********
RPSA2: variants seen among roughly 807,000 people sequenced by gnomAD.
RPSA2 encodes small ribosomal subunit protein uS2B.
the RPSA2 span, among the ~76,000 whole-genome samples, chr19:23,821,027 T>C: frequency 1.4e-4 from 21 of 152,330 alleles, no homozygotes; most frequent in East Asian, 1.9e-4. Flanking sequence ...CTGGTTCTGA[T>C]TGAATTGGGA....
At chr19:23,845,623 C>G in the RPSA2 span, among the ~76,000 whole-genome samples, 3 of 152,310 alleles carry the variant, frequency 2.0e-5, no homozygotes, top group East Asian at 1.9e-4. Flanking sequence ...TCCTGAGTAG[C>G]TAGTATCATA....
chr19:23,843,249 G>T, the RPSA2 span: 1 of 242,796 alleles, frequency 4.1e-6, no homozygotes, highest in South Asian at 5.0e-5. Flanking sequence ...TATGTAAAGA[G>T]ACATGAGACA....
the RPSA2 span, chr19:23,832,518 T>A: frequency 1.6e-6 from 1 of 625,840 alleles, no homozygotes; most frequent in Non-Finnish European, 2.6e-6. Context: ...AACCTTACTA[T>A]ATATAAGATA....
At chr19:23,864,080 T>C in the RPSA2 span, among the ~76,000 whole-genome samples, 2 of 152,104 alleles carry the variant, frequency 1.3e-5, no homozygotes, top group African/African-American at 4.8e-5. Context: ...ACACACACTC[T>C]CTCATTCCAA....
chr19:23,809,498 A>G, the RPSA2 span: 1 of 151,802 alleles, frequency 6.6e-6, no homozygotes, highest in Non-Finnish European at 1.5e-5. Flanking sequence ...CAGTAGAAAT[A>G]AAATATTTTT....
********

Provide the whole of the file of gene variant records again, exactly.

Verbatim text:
RPSA2: variants seen among roughly 807,000 people sequenced by gnomAD.
RPSA2 encodes small ribosomal subunit protein uS2B.
the RPSA2 span, among the ~76,000 whole-genome samples, chr19:23,821,027 T>C: frequency 1.4e-4 from 21 of 152,330 alleles, no homozygotes; most frequent in East Asian, 1.9e-4. Flanking sequence ...CTGGTTCTGA[T>C]TGAATTGGGA....
At chr19:23,845,623 C>G in the RPSA2 span, among the ~76,000 whole-genome samples, 3 of 152,310 alleles carry the variant, frequency 2.0e-5, no homozygotes, top group East Asian at 1.9e-4. Flanking sequence ...TCCTGAGTAG[C>G]TAGTATCATA....
chr19:23,843,249 G>T, the RPSA2 span: 1 of 242,796 alleles, frequency 4.1e-6, no homozygotes, highest in South Asian at 5.0e-5. Flanking sequence ...TATGTAAAGA[G>T]ACATGAGACA....
the RPSA2 span, chr19:23,832,518 T>A: frequency 1.6e-6 from 1 of 625,840 alleles, no homozygotes; most frequent in Non-Finnish European, 2.6e-6. Context: ...AACCTTACTA[T>A]ATATAAGATA....
At chr19:23,864,080 T>C in the RPSA2 span, among the ~76,000 whole-genome samples, 2 of 152,104 alleles carry the variant, frequency 1.3e-5, no homozygotes, top group African/African-American at 4.8e-5. Context: ...ACACACACTC[T>C]CTCATTCCAA....
chr19:23,809,498 A>G, the RPSA2 span: 1 of 151,802 alleles, frequency 6.6e-6, no homozygotes, highest in Non-Finnish European at 1.5e-5. Flanking sequence ...CAGTAGAAAT[A>G]AAATATTTTT....